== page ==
I picked up our new hanging, analog scale yesterday. It’ll hold up to 20 pounds and has a nice, classic look. The folks at Bay State Scale had it all tuned up and calibrated and ready to go.
Today, I took it over to the Boston Weights and Measures Department, to have it sealed and certified (for $30). The department head, Bob McGrath, has to be the nicest city employee I’ve ever met. We talked for a while and he even showed me the collection of antique weights and measures on display in their lunch room. They had weights in there stamped P.M., for Province of Massachusetts, because they were made in 1740. They had copper gallon standards, a bunch of value weights for weighing gold, a yardstick, bushels, and all kinds of weights. For a history geek like me, it was a great little find.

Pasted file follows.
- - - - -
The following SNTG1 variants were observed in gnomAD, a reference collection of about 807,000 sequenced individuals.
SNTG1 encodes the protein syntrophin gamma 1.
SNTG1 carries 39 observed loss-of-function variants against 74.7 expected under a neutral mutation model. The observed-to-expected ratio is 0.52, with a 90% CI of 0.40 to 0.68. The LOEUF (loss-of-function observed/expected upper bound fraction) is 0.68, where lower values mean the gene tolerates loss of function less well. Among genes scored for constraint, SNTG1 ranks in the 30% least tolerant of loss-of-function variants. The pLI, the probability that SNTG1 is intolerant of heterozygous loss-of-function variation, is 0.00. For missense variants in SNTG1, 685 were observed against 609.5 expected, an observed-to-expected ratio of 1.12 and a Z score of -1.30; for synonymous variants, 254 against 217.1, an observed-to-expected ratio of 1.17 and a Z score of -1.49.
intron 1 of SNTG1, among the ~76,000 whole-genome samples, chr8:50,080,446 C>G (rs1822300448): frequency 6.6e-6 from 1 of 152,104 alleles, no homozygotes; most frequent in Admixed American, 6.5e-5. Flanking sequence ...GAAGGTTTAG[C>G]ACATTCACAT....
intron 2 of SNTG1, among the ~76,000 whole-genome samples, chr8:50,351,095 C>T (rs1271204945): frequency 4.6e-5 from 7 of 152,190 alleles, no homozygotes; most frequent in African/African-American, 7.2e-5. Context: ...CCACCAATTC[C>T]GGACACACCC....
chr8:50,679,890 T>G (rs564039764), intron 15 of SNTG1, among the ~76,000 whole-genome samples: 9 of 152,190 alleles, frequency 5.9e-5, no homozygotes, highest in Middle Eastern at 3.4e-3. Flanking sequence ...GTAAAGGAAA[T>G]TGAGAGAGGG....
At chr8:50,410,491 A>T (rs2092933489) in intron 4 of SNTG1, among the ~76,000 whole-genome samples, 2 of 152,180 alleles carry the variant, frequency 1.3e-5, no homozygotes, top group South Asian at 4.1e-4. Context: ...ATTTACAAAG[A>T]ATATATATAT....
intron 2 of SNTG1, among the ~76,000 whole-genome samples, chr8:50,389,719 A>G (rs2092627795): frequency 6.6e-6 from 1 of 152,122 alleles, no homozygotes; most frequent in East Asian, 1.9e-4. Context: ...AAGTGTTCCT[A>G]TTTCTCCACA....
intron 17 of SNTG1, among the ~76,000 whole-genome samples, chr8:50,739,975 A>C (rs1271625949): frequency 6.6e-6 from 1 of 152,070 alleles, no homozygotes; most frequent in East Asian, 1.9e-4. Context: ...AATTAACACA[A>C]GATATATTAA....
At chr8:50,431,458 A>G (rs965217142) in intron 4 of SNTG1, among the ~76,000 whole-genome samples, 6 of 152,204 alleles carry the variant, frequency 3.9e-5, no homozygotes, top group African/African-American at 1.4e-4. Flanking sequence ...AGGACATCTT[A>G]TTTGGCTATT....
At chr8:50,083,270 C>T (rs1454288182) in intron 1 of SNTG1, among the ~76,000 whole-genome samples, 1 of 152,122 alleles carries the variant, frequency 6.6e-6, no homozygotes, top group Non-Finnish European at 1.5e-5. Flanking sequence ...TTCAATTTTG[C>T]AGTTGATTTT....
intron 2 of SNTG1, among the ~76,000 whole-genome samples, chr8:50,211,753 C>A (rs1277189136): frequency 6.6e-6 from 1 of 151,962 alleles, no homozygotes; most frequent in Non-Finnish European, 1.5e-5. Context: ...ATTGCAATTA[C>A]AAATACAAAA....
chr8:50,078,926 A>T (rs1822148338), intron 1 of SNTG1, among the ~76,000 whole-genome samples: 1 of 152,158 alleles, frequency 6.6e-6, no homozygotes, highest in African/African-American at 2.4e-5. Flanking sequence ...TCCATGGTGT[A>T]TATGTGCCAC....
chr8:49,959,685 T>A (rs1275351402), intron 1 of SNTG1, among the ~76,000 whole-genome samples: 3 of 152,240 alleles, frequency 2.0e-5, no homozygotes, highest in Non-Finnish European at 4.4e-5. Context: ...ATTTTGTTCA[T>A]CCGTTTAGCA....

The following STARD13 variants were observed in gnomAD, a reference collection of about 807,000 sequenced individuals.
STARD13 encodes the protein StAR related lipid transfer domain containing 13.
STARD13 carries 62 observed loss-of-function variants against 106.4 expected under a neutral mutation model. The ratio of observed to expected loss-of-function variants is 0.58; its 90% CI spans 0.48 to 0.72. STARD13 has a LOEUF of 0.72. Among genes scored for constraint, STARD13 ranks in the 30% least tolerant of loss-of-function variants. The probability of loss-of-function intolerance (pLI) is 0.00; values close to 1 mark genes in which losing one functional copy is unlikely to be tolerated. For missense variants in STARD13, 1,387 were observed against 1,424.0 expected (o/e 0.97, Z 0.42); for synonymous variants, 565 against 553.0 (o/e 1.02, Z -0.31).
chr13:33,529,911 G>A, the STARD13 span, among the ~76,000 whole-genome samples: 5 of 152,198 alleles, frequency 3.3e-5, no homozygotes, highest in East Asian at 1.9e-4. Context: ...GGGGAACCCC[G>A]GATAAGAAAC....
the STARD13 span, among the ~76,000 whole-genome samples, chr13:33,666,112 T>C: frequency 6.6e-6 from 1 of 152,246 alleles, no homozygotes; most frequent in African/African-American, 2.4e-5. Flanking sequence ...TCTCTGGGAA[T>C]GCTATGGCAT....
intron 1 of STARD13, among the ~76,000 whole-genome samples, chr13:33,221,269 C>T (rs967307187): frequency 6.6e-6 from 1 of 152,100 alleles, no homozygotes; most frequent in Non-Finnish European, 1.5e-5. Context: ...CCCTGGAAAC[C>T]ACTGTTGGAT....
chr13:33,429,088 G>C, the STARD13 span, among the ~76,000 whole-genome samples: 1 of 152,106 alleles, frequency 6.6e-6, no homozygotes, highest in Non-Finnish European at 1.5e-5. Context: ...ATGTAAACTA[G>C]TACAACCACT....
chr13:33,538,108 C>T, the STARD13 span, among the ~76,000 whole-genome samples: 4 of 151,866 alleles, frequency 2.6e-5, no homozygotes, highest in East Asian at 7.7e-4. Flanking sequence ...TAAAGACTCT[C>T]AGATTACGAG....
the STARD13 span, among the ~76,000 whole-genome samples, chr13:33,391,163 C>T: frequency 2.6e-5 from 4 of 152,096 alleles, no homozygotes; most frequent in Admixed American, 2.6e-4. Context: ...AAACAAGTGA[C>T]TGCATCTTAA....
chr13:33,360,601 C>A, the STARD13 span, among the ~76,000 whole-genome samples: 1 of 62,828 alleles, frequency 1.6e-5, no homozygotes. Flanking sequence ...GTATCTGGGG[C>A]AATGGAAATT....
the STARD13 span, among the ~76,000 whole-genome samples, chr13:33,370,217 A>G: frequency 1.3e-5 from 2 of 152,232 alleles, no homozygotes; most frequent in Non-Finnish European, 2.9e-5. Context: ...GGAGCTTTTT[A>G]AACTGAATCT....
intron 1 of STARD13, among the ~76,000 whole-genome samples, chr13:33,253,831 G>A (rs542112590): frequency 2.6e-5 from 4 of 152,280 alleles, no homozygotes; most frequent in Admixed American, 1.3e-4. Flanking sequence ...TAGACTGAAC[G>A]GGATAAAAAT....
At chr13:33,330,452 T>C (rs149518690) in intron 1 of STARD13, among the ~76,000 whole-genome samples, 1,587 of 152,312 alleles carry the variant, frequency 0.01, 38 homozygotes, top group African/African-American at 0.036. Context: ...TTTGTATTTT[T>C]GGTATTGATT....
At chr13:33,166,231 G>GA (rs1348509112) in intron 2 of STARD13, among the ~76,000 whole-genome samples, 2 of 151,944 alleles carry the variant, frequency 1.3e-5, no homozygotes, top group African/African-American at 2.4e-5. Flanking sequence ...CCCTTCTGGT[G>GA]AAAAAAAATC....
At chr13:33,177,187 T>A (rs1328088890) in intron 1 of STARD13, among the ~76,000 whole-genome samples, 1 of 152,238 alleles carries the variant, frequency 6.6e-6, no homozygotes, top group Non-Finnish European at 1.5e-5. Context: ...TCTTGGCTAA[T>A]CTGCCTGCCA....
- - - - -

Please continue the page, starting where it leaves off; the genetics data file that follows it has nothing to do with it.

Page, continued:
There are six field inspectors in the Boston Weights and Measures department, and Mr. McGrath told me that they inspect 11,000 scales, pumps, meters, etc, every year. Common, certified weights and measures are at the very heart of how commerce works and are one of the most essential parts of civil government, but I think it’s a function that most of us take for granted. One thing I love about farming is how it shows me these reminders of how our world really works.